5. Turn the dough out directly into a large, lightly oiled bowl. Turn the dough around in the bowl so that it gets coated lightly with the oil. Cover loosely with oiled plastic wrap and place in a warm, draft-free place until it doubles in size (45 minutes to an hour).
  6. Gently “punch” the dough down to deflate it slightly. Turn it out onto a lightly floured work surface, and press it gently into an 8 inch square that is approximately 1 inch thick. Starting with the side farthest away from you, roll the dough firmly into a log shape, pressing with your fingers to make sure it sticks to itself. Turn the dough seam side up and pinch the seam closed with your fingers. Place the dough, seam side down, in a lightly greased 9 x 5 inch loaf pan. Press it down gently so that it touches all four sides of the pan. Cover with oiled plastic wrap and set aside in a warm place to rise until it has almost doubled in size (30 to 45 minutes). While you’re waiting for it to rise, preheat the oven to 350 degrees.
  7. Bake for approximately 50 minutes, or until an instant read thermometer inserted into the center of the loaf, just above the rim of the pan, registers 195 degrees. Remove bread from the oven. Tip it out of the loaf pan and let cool to room temperature on a wire rack.
  8. Slice and serve.[/recipe]
Dough After the 1st Rise

Dough After the Initial Rise

Gently press dough into an 8 inch square.

Gently press dough into an 8 inch square.

Roll dough into a cylinder.

Roll dough into a cylinder.

Pinch the seam together with your fingers.

Pinch the seam together with your fingers.

Cover with saran wrap and let rise until almost doubled in size.

Cover with saran wrap and let rise until almost doubled in size.

Make two slashes in the top of the loaf before you put it into the oven.

Make two slashes in the top of the loaf before you put it into the oven.

If you’ve never made bread before, this is a great recipe to start with. Give it a try, and if you have any questions, leave a comment or  and I will do my best to help!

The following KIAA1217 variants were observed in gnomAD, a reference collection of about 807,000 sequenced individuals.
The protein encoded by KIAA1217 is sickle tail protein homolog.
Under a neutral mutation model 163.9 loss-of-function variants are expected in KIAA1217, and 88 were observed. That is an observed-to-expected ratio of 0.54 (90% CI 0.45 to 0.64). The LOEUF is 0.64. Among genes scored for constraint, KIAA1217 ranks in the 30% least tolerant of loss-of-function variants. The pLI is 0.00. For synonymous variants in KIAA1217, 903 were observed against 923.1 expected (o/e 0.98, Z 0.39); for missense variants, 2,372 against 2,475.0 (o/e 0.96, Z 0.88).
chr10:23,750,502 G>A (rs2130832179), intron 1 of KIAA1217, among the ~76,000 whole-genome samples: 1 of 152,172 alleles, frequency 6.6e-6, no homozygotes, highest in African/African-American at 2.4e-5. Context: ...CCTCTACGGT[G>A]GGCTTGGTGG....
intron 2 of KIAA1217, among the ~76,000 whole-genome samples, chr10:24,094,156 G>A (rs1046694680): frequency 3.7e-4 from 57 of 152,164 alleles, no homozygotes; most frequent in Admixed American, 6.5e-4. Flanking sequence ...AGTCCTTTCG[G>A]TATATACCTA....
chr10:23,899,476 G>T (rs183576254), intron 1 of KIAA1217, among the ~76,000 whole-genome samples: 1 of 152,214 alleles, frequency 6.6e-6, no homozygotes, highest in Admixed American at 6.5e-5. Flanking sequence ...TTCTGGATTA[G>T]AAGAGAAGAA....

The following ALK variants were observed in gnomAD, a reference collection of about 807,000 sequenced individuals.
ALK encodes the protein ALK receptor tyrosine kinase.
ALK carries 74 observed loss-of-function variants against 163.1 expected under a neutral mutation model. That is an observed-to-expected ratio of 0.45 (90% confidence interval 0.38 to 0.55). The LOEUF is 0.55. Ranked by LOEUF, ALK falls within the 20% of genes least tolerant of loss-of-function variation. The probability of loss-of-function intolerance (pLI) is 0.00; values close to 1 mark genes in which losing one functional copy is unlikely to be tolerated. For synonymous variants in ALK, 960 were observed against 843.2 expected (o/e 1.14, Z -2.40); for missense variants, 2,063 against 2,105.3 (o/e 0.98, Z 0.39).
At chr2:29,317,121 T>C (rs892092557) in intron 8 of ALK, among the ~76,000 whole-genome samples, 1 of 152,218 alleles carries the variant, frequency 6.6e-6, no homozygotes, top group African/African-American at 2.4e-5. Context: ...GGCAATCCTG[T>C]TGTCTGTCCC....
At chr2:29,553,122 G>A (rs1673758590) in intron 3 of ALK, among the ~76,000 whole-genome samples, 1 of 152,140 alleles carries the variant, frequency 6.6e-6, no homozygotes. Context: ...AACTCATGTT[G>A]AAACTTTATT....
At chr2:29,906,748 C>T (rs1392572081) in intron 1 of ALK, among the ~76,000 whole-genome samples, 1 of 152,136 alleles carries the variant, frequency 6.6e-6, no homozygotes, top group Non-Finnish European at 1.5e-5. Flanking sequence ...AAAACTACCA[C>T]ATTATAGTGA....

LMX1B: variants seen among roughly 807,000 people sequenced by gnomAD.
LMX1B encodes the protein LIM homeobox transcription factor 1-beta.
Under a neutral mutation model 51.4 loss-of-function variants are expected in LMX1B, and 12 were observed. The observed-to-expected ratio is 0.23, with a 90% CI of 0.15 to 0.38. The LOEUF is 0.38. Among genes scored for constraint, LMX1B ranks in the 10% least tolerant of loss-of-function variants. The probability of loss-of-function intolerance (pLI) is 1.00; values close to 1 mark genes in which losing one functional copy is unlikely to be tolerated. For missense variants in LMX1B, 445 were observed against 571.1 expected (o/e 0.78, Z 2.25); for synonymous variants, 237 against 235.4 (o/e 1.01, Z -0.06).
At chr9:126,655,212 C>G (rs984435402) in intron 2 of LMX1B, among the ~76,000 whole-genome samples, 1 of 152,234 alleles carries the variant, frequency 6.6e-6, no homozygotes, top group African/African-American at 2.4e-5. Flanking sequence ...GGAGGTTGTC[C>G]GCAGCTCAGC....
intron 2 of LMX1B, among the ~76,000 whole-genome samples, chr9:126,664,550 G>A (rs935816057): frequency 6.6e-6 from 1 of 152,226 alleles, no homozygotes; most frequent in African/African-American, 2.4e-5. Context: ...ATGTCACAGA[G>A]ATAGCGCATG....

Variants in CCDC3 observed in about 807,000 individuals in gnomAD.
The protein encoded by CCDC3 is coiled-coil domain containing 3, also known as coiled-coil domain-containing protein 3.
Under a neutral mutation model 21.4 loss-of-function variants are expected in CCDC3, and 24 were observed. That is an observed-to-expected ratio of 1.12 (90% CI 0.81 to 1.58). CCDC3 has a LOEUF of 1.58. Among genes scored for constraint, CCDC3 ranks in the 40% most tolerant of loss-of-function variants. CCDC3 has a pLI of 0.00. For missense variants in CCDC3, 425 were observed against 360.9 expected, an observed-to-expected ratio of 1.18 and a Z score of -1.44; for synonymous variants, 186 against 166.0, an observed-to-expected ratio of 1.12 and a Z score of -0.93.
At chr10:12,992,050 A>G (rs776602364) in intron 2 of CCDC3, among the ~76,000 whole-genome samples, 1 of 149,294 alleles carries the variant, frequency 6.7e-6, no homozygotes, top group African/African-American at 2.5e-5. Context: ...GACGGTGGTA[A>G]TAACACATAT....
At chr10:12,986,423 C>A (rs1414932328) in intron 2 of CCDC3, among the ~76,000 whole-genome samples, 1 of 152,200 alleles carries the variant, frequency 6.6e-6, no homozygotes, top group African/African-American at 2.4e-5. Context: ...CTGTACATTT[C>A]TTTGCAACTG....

Credits: Adapted from American Sandwich Bread recipe in “The New Best Recipe, Revised Edition” from the editors of Cook’s Illustrated.

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7 Responses to {Recipe} Everyday Bread

  1. Jodi January 23, 2014 at 7:39 pm #

    Sounds delicious, I think I will have to try this recipe.
    Thanks for sharing
    xx, High heels and Tutus

  2. Beth Somers January 26, 2014 at 9:29 pm #

    Ah, I can relate to your overly-consuming bread recipe! I never have the foresight that bread requires, even if it is just a few hours worth. But it is a goal of mine to get into it this year! I need a little jar of yeast in my fridge, too! Thanks for sharing. This recipe looks like a good starting point.

    • Stacey January 27, 2014 at 10:39 pm #

      Let me know what you think of the recipe after you’ve tried it. It really has changed the way I think about homemade bread – makes it seem way more “do-able”!

  3. Wendy Flynn Del Monte November 15, 2015 at 6:02 am #

    I can’t wait to try this recipe! Can I make a tiny suggestion? Can you make the font of your site a wee bit darker? You have so much to say, I want to read it all, but it’s hard for me to read. I’
    ll be buying a jar of yeast

    • Stacey November 16, 2015 at 3:21 pm #

      Thank you for letting me know about the text! I changed it to black, so hopefully it’s easier to read now – but please let me know if it’s not. Perhaps I need to look into changing the font itself… Also, I hope you enjoy the bread recipe 🙂 ~Stacey @ Growing Some Roots